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Cultural challenges

Occasionally I’ll come across misspelled gems when I’m marking students’ work or looking over their shoulders in the classroom during a writing task.  This week has been particularly amusing, starting with Monday when I was marking writing exercises using the passive tense.  Conjugating verbs into the passive is a pain in the arse for anyone learning English thanks to all the irregularities, so I sympathise.   I asked the students to think of a person or object and write three hints about it so others could guess what or who it is.  I’m glad I put my coffee down when I read the last one from my pile of papers, which said, “He was boned by my mother.”  It took a while until my JTE and I realised he was trying to say “borned by”.  The logic was there at least.  やっぱり英語って難しいな~。

Yesterday we were making sentences like “I (do ~ ) when I’m happy/sad/bored etc”.  One student wrote “I crap when I’m happy.”  Of course I never actually laugh at the students, but I can’t help having a quiet giggle to myself.  I feel for them though, R and L are really hard to distinguish from a Japanese perspective.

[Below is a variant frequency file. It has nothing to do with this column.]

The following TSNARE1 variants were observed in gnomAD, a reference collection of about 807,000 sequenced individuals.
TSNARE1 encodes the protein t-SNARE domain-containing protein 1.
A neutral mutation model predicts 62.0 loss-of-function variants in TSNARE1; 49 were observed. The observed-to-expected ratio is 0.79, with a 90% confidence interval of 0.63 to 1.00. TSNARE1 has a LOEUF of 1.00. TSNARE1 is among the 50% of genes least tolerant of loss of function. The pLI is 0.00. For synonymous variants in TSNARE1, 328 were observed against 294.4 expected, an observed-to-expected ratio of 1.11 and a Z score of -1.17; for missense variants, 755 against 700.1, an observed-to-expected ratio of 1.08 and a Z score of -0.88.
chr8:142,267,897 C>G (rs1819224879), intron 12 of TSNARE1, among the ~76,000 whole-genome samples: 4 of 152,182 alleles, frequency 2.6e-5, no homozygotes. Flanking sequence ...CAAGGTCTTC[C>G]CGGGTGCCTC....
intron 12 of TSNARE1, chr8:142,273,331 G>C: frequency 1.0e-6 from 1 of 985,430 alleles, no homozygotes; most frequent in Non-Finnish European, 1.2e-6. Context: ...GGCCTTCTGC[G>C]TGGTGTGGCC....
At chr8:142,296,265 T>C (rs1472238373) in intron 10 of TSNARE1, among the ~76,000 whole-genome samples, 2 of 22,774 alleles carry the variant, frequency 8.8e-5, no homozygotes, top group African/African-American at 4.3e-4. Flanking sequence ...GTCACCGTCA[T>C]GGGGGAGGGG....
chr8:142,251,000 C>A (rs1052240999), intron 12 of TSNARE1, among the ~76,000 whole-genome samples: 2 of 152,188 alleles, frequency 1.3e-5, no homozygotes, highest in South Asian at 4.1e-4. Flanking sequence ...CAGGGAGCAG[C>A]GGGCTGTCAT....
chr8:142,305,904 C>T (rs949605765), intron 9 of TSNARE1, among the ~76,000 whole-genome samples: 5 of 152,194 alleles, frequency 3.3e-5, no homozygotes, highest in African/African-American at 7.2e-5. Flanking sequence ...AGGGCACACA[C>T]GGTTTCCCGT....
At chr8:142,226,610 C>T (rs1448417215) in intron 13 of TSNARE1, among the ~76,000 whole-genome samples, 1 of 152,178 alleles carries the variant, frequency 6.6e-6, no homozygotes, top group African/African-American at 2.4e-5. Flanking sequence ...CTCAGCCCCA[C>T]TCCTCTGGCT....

There’s one 2nd grader (13 years old?) who is hilarious and will always beckon me over for a chat when I’m walking around the classroom making sure people are getting on ok with the task.  He is so determined to speak English even though most of what he says is one word questions or mostly gestures, but despite this we end up having some pretty interesting conversations that usually just result in him asking in Japanese and me replying in English, so at least he can use his listening skills.  Yesterday he asked me what surprised me most about Japan when I first got here, and I said the level of customer service.  Japanese shop assistants treat you like a VIP, from the precise way they handle your money to the honorific language that they use.  In contrast, I told him that shop assistants in the UK might have a little chat with you and ask about your day or even compliment you on something you’re wearing.  Both countries have their negatives though; in Japan I feel like I’m being served by robots because everyone says the same few set phrases, and in the UK sometimes I just get completely ignored throughout the whole transaction.